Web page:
I think working scientists would benefit from knowing about the “social history” of science, which explains the development of scientific societies and the the mechanisms of communication they established. But I also think scientists should have a firm grasp of the “intellectual history” of (at least) their own disciplines. After all, it’s hard to stand on the shoulders of giants if you don’t know what those giants were up to.

  5. #5 david
    February 10, 2010

    @ Janne

    Beautiful website in Japan by the way.

    So this sharing, this “open source” is protected by property rights? Or else it’s all feel-good for you, elite scientist in your own mind, who can stay above the fray and be paid by big brother in other ways? Do you know or care?

    Do you think some persons would steal your stuff and apply for property rights themselves? And you get nothing?

    An interesting case is the invention of television. Here’s a link to an abbreviated version of it.
    http://www.physlink.com/Education/AskExperts/ae408.cfm

    In this case before his own people had solved many problems with making a TV the president of RCA went to Utah to see how Farnsworth was coming along. Farnsworth, naive, stroked, “shared” freely.

    Well it is on point, isn’t it? and about one of the biggest inventions of the 20th century — so says TIME? and the science was done in a house, not in a big lab with myrmidons?

    How did we today come to receive, and how come to accept, the proffered views of science as being in a lab belonging to a huge enterprise and manned by loyal-scientist workers?

    Is not that proffer more accurately seen as merely a social construct?

    Institutions and corporations rule? Seems they do. Hence the wag that these histories of science could have been written by Exxon.

  6. #6 Janne
    February 10, 2010

    “So this sharing, this “open source” is protected by property rights?”

    Yes, it is. Open source in fact depends on robust property rights to function well. Sharing pictures, slash fiction or whatever online also hinges on having property rights in place that recognizers the creator as owner of their work.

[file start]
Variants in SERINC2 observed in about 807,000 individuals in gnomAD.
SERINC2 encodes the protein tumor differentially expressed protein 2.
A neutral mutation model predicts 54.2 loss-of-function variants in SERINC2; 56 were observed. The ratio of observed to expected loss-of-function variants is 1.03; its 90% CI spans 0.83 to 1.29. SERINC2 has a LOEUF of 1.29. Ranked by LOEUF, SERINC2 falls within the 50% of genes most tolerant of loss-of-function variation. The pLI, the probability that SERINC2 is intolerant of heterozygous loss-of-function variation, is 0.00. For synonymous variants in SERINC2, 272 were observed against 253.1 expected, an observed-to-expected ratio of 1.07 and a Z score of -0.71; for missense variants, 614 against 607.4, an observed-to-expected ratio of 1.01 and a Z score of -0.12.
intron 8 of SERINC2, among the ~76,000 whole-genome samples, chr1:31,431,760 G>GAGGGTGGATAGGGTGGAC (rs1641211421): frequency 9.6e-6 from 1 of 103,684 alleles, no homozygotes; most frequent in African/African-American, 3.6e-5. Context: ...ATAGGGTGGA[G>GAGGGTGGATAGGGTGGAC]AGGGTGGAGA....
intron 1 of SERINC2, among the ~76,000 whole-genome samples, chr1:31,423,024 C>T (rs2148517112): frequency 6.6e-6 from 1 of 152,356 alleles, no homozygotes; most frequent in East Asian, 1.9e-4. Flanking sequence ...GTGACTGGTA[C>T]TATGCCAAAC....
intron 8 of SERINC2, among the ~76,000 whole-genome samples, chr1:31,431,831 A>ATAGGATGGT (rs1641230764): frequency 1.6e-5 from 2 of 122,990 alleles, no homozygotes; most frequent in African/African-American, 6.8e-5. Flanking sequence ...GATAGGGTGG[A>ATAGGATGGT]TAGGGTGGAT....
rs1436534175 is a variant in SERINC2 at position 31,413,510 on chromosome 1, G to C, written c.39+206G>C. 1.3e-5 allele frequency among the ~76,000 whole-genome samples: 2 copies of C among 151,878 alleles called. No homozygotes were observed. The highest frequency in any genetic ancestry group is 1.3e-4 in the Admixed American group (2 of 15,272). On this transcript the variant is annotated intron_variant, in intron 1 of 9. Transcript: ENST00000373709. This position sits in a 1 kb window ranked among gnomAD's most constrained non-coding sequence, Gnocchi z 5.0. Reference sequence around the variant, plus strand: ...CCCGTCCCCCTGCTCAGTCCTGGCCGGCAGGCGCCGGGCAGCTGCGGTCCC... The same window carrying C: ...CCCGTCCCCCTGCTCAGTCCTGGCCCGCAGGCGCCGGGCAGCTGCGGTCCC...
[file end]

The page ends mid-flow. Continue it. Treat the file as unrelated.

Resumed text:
That’s not to say there aren’t issues with how the idea of immaterial rights is implemented today of course (the patent system is achieving the opposite from its intention in some fields today, for instance).

    That’s not germane to this discussion though. The point I tried to express above, shorter and clearer is simply: “Sharing” for the purpose of establishing a formal record about research progress, and “sharing” for the purpose of informing your co-workers are two distinct activities, and their requirements do not always align very well. It would be better if we could find a way to separate those two activities a little better.

  7. #7 david
    February 10, 2010

    I’m glad for some argument, life becomes more interesting.

    If “it’s not germane” we are talking about two different things. See your statement about eating, beyond CV, which I assume means curriculum vitae. The topic is the history of science. Your post is about sharing which you have connected to the history of science and later clarified as existing in two different ways.

    In disputes you have to prove you are the creator, and the date. You and when. Your word is not enough. Farnsworth had a lot of trouble. People used to send a sealed registered letter to themselves containing the idea in order to have a date. Today in written works deliberate errors are put in as trackers in case of copying. Be a good idea to put it in photos you want to privatize. Still need a date.

    And you have to have an enforcement arm in the various governments that is willing to take your case. Russia, China, very difficult. Not robust.

    Nobody’s going to sue over a photo taken from websites, too much trouble, too far to travel, too little damages. So that is not so robust, though in the US the artist was sued over an AP image in the Obama poster, a very naive artist I might add who handed them the gun to shoot him with so to speak.

    So creator copyright is not robust except maybe for fine arts painters. Inventions of processes and devices need patent-applied-for or patent-granted protection.

    So anytime you share you put your idea at risk except possibly among co-workers or colleagues since usually today big brother owns your work product anyway, that’s science.

    And I guess in a way it is related to the history of science, recent.